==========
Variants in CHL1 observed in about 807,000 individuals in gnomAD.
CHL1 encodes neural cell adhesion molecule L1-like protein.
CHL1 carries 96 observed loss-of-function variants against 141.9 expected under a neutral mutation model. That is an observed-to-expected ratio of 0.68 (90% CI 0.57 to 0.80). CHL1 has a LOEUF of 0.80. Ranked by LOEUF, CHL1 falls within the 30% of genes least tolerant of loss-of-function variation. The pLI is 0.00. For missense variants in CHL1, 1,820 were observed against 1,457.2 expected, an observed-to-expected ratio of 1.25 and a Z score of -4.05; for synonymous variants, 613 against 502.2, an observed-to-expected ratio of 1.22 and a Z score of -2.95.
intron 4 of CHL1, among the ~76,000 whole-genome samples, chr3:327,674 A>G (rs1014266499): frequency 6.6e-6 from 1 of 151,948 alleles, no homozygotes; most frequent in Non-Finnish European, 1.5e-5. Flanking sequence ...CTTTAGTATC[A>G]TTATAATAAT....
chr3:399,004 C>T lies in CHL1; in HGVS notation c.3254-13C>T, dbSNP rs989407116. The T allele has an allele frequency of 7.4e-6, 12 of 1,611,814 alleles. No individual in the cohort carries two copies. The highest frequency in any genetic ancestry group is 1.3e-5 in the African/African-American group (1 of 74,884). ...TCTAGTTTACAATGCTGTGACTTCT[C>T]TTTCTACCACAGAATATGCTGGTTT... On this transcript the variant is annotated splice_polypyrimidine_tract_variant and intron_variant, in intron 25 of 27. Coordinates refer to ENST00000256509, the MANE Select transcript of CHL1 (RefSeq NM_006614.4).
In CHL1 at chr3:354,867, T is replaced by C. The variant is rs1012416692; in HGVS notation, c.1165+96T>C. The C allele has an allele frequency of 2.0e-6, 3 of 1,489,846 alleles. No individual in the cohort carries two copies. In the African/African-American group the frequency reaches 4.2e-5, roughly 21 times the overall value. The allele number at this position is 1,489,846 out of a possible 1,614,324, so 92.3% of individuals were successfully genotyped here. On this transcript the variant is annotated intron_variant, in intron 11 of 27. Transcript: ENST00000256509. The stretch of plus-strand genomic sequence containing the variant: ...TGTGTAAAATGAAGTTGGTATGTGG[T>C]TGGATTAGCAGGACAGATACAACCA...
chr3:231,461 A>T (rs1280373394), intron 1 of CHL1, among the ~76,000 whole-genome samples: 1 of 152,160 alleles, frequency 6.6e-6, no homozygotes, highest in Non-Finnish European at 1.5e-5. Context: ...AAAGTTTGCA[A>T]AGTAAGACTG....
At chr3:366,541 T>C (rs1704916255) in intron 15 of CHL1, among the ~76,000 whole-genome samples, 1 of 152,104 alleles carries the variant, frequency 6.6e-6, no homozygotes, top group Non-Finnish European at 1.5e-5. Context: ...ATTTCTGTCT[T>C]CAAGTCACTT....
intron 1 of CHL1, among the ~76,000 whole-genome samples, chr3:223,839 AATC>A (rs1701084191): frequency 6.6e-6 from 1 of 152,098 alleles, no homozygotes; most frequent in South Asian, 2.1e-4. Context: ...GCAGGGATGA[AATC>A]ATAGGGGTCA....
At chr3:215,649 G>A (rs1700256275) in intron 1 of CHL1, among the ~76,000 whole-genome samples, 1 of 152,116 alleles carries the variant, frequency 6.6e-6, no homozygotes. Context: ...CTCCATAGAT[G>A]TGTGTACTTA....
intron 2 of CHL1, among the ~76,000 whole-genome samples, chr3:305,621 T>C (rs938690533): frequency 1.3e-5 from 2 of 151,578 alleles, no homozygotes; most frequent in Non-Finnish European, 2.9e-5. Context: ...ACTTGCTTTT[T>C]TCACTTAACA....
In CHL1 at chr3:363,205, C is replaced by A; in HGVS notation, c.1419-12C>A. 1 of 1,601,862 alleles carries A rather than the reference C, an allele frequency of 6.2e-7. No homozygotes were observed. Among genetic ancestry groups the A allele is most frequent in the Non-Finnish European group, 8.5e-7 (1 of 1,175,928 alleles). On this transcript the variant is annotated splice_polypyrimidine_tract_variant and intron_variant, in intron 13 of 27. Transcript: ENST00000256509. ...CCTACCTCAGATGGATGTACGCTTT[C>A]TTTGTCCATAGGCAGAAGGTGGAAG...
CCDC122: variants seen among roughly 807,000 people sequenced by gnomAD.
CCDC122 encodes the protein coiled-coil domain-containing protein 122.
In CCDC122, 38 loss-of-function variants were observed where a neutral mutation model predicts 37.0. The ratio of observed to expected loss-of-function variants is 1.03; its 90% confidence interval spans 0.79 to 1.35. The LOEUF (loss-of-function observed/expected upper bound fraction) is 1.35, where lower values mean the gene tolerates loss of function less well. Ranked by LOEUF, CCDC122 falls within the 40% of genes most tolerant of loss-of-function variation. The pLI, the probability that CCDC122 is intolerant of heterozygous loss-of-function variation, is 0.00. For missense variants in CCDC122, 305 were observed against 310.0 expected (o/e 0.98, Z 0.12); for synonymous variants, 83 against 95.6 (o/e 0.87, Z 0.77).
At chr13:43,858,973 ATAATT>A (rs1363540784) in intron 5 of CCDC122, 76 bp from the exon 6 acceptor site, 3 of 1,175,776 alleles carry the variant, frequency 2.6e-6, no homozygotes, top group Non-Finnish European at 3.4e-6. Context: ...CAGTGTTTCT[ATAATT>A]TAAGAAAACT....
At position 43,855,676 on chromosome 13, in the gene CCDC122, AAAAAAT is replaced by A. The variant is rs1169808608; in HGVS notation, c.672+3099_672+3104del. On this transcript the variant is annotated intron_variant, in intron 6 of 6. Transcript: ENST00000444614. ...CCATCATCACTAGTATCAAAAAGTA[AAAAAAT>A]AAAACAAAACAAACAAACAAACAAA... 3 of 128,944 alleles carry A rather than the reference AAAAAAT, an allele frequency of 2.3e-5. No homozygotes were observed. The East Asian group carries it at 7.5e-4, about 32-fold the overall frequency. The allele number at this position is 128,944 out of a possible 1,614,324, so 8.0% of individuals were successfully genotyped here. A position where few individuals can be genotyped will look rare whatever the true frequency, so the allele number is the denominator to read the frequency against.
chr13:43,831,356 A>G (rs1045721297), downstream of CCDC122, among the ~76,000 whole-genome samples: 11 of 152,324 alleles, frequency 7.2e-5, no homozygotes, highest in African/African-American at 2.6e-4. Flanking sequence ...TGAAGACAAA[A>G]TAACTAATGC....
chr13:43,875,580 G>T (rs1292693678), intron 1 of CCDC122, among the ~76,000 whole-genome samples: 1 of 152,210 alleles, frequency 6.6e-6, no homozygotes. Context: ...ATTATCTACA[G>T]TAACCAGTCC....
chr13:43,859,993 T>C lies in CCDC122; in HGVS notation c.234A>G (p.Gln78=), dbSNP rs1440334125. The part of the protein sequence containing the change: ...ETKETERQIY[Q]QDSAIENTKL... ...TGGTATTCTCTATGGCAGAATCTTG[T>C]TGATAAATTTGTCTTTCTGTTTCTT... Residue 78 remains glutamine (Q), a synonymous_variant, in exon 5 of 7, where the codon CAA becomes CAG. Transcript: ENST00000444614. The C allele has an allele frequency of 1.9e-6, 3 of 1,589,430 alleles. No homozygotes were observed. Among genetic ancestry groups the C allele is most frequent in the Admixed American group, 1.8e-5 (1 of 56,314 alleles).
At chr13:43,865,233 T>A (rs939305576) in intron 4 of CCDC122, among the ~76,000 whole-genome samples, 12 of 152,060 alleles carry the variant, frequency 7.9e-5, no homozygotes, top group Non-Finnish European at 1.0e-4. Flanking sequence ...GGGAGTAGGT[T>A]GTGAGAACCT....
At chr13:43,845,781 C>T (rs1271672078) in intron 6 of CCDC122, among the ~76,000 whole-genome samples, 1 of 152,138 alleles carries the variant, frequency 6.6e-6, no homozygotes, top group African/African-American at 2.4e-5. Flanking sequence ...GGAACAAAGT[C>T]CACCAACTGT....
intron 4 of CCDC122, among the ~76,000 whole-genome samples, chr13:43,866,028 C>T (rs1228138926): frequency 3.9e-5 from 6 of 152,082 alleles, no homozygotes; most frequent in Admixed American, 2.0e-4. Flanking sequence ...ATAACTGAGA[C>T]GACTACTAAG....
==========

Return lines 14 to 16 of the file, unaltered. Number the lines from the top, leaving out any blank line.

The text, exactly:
CCDC122 encodes the protein coiled-coil domain-containing protein 122.
In CCDC122, 38 loss-of-function variants were observed where a neutral mutation model predicts 37.0. The ratio of observed to expected loss-of-function variants is 1.03; its 90% confidence interval spans 0.79 to 1.35. The LOEUF (loss-of-function observed/expected upper bound fraction) is 1.35, where lower values mean the gene tolerates loss of function less well. Ranked by LOEUF, CCDC122 falls within the 40% of genes most tolerant of loss-of-function variation. The pLI, the probability that CCDC122 is intolerant of heterozygous loss-of-function variation, is 0.00. For missense variants in CCDC122, 305 were observed against 310.0 expected (o/e 0.98, Z 0.12); for synonymous variants, 83 against 95.6 (o/e 0.87, Z 0.77).
At chr13:43,858,973 ATAATT>A (rs1363540784) in intron 5 of CCDC122, 76 bp from the exon 6 acceptor site, 3 of 1,175,776 alleles carry the variant, frequency 2.6e-6, no homozygotes, top group Non-Finnish European at 3.4e-6. Context: ...CAGTGTTTCT[ATAATT>A]TAAGAAAACT....